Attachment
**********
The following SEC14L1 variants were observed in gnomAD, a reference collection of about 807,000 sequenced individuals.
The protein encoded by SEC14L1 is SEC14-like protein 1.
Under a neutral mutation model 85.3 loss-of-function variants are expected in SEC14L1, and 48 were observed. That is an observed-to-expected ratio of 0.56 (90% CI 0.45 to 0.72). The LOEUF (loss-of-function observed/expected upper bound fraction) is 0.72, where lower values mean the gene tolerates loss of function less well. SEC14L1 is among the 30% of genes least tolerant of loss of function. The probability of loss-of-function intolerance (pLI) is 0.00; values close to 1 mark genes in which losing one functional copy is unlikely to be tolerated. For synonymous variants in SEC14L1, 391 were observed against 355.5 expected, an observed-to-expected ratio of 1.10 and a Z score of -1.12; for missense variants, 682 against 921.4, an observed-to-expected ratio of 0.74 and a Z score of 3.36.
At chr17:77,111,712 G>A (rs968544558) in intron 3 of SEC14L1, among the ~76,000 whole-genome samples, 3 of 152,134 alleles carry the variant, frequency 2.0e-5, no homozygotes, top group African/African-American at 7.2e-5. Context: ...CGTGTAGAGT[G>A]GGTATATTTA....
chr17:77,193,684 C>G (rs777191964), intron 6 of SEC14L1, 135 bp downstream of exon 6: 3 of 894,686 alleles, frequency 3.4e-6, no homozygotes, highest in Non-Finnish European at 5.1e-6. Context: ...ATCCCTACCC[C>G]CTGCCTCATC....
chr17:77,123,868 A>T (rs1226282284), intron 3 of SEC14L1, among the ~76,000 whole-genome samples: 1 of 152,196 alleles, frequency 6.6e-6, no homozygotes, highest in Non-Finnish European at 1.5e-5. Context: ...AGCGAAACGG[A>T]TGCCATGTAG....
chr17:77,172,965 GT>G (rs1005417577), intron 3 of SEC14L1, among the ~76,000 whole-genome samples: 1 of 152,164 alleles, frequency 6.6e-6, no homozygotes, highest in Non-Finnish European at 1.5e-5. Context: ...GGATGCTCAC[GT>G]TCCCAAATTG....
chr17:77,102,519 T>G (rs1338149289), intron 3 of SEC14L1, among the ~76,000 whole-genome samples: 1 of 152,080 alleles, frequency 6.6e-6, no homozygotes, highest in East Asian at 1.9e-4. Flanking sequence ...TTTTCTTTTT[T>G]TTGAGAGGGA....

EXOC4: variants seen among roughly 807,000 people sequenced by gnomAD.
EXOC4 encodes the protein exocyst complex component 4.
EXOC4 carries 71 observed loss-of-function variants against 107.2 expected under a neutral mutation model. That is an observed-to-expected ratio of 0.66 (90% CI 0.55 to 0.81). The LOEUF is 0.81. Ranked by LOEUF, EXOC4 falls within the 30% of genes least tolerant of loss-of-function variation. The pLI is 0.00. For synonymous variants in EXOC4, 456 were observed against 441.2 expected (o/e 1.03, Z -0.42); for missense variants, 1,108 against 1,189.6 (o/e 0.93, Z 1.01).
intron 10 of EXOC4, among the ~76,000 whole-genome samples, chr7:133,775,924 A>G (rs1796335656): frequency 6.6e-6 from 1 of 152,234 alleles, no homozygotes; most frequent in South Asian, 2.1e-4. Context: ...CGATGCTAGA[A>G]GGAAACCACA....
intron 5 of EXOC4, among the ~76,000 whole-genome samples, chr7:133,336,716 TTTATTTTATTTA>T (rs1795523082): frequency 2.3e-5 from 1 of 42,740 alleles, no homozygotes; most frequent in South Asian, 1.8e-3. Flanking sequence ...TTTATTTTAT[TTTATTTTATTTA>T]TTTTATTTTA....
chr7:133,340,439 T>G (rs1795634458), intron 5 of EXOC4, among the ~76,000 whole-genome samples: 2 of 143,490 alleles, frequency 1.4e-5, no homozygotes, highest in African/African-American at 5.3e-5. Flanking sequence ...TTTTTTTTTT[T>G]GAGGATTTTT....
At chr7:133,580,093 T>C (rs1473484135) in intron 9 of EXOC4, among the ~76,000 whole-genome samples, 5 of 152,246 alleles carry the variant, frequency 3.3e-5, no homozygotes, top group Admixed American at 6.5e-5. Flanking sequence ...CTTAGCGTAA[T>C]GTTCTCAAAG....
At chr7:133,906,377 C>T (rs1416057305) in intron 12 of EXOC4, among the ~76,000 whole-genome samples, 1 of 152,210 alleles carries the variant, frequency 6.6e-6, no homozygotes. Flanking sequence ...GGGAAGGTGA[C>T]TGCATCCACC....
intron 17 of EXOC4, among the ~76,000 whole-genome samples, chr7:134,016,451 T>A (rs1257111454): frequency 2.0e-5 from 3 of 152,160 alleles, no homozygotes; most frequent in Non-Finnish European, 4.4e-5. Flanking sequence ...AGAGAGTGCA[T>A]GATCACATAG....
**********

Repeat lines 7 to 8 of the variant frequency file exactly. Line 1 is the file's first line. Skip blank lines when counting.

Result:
chr17:77,172,965 GT>G (rs1005417577), intron 3 of SEC14L1, among the ~76,000 whole-genome samples: 1 of 152,164 alleles, frequency 6.6e-6, no homozygotes, highest in Non-Finnish European at 1.5e-5. Context: ...GGATGCTCAC[GT>G]TCCCAAATTG....
chr17:77,102,519 T>G (rs1338149289), intron 3 of SEC14L1, among the ~76,000 whole-genome samples: 1 of 152,080 alleles, frequency 6.6e-6, no homozygotes, highest in East Asian at 1.9e-4. Flanking sequence ...TTTTCTTTTT[T>G]TTGAGAGGGA....